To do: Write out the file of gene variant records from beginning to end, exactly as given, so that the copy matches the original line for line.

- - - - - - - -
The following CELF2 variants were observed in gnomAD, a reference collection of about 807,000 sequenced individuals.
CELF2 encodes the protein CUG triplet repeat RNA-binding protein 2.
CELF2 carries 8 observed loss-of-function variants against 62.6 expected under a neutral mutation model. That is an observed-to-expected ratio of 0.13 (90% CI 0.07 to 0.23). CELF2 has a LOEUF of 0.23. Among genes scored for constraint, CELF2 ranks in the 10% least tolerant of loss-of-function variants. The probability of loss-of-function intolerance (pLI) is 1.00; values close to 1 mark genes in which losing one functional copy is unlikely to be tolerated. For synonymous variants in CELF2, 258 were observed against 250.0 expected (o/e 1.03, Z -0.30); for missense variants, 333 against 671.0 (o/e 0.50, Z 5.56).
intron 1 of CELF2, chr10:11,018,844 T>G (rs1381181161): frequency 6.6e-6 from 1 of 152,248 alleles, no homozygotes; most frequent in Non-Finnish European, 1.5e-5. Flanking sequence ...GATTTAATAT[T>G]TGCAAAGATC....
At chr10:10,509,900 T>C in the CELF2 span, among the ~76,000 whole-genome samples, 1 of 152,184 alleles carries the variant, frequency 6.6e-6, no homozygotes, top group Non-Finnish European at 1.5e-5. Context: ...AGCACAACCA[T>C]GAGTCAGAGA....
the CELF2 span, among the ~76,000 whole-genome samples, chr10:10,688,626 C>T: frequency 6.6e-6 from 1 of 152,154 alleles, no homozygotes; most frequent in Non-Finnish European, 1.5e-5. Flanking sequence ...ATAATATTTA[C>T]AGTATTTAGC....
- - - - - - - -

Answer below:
The following CELF2 variants were observed in gnomAD, a reference collection of about 807,000 sequenced individuals.
CELF2 encodes the protein CUG triplet repeat RNA-binding protein 2.
CELF2 carries 8 observed loss-of-function variants against 62.6 expected under a neutral mutation model. That is an observed-to-expected ratio of 0.13 (90% CI 0.07 to 0.23). CELF2 has a LOEUF of 0.23. Among genes scored for constraint, CELF2 ranks in the 10% least tolerant of loss-of-function variants. The probability of loss-of-function intolerance (pLI) is 1.00; values close to 1 mark genes in which losing one functional copy is unlikely to be tolerated. For synonymous variants in CELF2, 258 were observed against 250.0 expected (o/e 1.03, Z -0.30); for missense variants, 333 against 671.0 (o/e 0.50, Z 5.56).
intron 1 of CELF2, chr10:11,018,844 T>G (rs1381181161): frequency 6.6e-6 from 1 of 152,248 alleles, no homozygotes; most frequent in Non-Finnish European, 1.5e-5. Flanking sequence ...GATTTAATAT[T>G]TGCAAAGATC....
At chr10:10,509,900 T>C in the CELF2 span, among the ~76,000 whole-genome samples, 1 of 152,184 alleles carries the variant, frequency 6.6e-6, no homozygotes, top group Non-Finnish European at 1.5e-5. Context: ...AGCACAACCA[T>C]GAGTCAGAGA....
the CELF2 span, among the ~76,000 whole-genome samples, chr10:10,688,626 C>T: frequency 6.6e-6 from 1 of 152,154 alleles, no homozygotes; most frequent in Non-Finnish European, 1.5e-5. Flanking sequence ...ATAATATTTA[C>T]AGTATTTAGC....